Does going on a weekend away without the kid make you selfish parents?


Greetings, potential traveller. I see your selfish parents question and I raise you one back. Are you considering going away without your child because you’ve been invited to a wedding where children are persona non grata, or because you want to whisk your lady or fella away for a mini break that involves R&R rather than S&P (stress and poop)?

The event invite

If it’s a wedding thing, then it’s not your choice, so of course you are not selfish parents. You have been invited to an event. Your kid has not. You either find a babysitter and go and let your hair down. Or you hang with your kid and tell the happy couple you can’t make it. End of story.

The getaway

If it’s a “let’s go away just by ourselves” situation, then it is your choice, so of course you are selfish parents. Oh really? Yes, really. But that doesn’t mean you shouldn’t go for it. As it happens, my wife and I are just about to head to the south of France for a couple of kid-free nights on the town (I can guarantee we’ll be asleep by 6.30pm).

But, but… won’t we miss the bubby? Of course we will, but he loves his grandparents, they look after him brilliantly and we’ve given them our iPad, so we can Facetime his cheeky little grin whenever we want to.

And, and… aren’t we worried about what other people, and especially other parents, will think? If you had asked me during my first few months as a parent, I would have said “yes”. Now, I couldn’t give a monkeys. Why? Here’s why.

Important quote

 “I used to try so hard to make everyone happy that in the end I didn’t make anyone happy, which really got me down. Only when I realised that sometimes you have to say no and do what’s right for yourself was I able to begin to conquer my condition.”

The above quote comes from an interview I completed with a firefighter who had suffered from depression. It’s obviously not a trivial matter, but I’ve decided to include it in this piece because I believe it reflects my ineffectively selfless to happily selfish parenting journey almost perfectly. What I mean by this is: in the beginning, I spent far too much time doing things to please other people’s whims, wills or opinions. Then, around the nine month mark, I had a eureka moment/got a dressing down from my wife. She told me that I wasn’t Florence Nightingale and that my actions weren’t impressing anyone or doing the three most important people in my life any good.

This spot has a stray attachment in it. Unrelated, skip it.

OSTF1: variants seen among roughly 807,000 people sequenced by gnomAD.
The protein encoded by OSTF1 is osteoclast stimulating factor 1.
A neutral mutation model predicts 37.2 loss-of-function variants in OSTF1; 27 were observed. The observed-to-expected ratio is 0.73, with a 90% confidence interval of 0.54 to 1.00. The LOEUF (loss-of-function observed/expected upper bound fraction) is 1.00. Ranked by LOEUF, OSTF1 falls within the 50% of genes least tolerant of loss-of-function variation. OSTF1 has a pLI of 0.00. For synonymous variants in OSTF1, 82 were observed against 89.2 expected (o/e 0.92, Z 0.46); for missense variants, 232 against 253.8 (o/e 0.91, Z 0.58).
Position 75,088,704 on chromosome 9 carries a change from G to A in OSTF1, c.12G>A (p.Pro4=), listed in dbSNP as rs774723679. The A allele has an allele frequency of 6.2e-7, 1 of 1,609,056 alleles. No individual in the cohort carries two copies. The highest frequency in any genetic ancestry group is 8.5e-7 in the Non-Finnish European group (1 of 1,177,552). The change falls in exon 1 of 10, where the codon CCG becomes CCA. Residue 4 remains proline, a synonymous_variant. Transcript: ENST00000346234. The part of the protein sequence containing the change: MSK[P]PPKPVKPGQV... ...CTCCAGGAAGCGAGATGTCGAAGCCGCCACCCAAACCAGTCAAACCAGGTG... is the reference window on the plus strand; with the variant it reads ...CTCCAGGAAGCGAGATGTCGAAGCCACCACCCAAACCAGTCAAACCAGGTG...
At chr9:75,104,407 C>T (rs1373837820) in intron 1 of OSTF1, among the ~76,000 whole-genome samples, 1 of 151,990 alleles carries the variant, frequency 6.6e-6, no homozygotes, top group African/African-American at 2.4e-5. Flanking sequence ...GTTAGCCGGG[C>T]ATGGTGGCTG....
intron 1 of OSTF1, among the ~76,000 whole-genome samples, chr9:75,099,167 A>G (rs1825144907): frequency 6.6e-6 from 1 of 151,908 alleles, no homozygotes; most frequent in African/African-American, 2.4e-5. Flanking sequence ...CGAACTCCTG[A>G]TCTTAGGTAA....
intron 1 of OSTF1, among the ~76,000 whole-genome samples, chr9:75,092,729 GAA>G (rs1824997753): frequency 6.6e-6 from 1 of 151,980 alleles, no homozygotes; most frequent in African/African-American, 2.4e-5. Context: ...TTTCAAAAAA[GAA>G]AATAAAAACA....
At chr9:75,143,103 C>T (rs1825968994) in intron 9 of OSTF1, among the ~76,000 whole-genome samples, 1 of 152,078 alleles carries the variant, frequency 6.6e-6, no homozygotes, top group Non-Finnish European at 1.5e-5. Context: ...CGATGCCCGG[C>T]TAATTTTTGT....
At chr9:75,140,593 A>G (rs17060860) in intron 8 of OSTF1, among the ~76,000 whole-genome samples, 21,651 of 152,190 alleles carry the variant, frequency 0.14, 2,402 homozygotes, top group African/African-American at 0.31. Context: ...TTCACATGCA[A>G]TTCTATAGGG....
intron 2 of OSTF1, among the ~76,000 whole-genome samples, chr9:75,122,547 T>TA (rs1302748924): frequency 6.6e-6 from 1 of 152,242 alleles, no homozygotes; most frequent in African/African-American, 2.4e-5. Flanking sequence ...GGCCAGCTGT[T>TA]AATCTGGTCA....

Positive impact

What happened next? Next, I stopped asking questions like ‘what would the in-laws think?’ and started doing what was right for us. And do you know what? It’s been a revelation. My wife and I have rediscovered our pre-child interests, our moods have improved and this has had a positive impact on the baby. Life’s good and we’re even getting the odd guilt-free weekend away. So here’s to being selfish parents (sometimes).

Until next time…


  1. Parents need to take time for their relationship–and for themselves–not only for sanity’s sake, but for the kids. You need to show them, and to know for yourselves, that your own time is as valuable as they time you give to your children. You can’t do that if you’re exhausted all the time.

  2. There is a lot of toxic stuff on social media which is to do with the sharer/poster feeling good about themselves and sadly only being able to do that by judging others. A sign of how we are sadly.
    With parenting (especially dare I say for mums) there is also this confusion between EFFORT and OUTCOME. People think that ‘good’ parenting is doing (and nowadays sharing online) all the effort you can, not whether your child is well, safe and happy. It results in needless guilt.

    • Agreed. I’m also amazed at how quick some people are to offer specific, negative opinions on what other parents are doing (both online and offline). It’s their child, so the chances are they know what they like, and how they like to be appeased, better than I do.

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